In the UK, the center for academic brewing studies is the International Centre for Brewing and Distilling at Heriot-Watt University in Edinburgh, Scotland. It offers a full-fledged honors and master’s degree program in brewing and distilling.
In the United States, the Department of Food Science and Technology at the University of California at Davis has long been a leader in brewing education. Although better known for its world-class winemaking courses, it offers a specialization in brewing sciences as part of its undergraduate degree program. Available brewing programs there range from short brewing courses to an 18-week program. A similar Department of Food Science and Technology also operates at Oregon State University in Corvallis, Oregon. Finally, the American Brewers Guild offers long-distance courses for working and would-be brewers who cannot attend face-to-face classes. This popular program includes a brewery internship. Other industry-related programs include the World Brewing Academy curriculum, which is a joint venture of Doemens Academy and the Siebel Institute of Technology in Chicago, Illinois.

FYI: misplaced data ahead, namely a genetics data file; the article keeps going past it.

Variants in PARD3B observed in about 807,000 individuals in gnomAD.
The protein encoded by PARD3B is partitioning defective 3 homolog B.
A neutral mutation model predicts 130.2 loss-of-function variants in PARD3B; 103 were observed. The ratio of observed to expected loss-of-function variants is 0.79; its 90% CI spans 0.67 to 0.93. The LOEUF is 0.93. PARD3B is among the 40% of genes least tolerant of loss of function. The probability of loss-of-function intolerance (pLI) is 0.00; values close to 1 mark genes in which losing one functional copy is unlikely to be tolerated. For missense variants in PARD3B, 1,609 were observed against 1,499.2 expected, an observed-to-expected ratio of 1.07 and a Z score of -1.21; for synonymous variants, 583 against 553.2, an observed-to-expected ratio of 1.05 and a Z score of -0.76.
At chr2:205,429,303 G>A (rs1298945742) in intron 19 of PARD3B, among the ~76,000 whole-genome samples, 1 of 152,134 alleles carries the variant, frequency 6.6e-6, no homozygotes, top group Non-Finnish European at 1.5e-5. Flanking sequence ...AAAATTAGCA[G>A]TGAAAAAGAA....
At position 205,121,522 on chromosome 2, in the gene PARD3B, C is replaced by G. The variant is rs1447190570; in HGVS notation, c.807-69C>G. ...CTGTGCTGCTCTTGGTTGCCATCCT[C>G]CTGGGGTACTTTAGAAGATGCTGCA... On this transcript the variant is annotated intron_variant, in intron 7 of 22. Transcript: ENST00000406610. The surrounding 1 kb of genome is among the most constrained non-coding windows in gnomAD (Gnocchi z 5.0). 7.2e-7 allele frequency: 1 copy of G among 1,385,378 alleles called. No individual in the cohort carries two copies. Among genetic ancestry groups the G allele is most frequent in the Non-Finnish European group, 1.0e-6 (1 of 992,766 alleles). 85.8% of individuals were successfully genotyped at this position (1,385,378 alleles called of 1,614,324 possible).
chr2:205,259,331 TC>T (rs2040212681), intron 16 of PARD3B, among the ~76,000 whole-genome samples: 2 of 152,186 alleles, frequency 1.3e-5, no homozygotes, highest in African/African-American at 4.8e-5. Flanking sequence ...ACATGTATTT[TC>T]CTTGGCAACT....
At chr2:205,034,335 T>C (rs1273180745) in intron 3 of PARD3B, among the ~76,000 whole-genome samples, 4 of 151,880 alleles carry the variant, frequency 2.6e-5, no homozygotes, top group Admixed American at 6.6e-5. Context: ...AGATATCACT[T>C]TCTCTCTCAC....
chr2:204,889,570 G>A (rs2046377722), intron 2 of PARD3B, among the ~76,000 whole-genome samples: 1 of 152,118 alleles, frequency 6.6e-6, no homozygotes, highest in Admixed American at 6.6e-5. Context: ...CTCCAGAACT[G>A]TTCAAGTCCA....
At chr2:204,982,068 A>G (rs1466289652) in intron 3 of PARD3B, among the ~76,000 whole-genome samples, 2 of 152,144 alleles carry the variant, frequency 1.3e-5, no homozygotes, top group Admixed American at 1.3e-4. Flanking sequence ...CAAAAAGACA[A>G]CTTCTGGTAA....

Today, more and more universities all over the world are offering courses and curricula focused on brewing science and technology. These include Dalhousie University in Halifax, Nova Scotia, Canada; Edith Cowan University in Perth, Western Australia, and the University of Ballarat, Ballarat, Victoria, Australia; Massy University in Palmerston North, New Zealand; the International Centre for Brewing and Brewing Engineering at the University of Johannesburg in South Africa; and the Institute Français de Boisson de la Brasserie et de la Maltérie in Vandoeuvie, France.
Brewing schools, of course, are no substitute for a brewer’s creativity in formulating beer recipes. Just as art academies cannot instill or replace an artist’s innate talent, brewing schools cannot “teach” imagination. However, they can supply training in basic brewing techniques and beer styles as well as the scientific basis for the biochemical and mechanical processes that take place in a brewery. They can also institute a system of standardized evaluations and tests, both practical and theoretical, by which a student’s progress and achievement can be measured. Finally, they can certify a student’s competence and thus create a cadre of brewing professionals for a burgeoning worldwide brewing industry.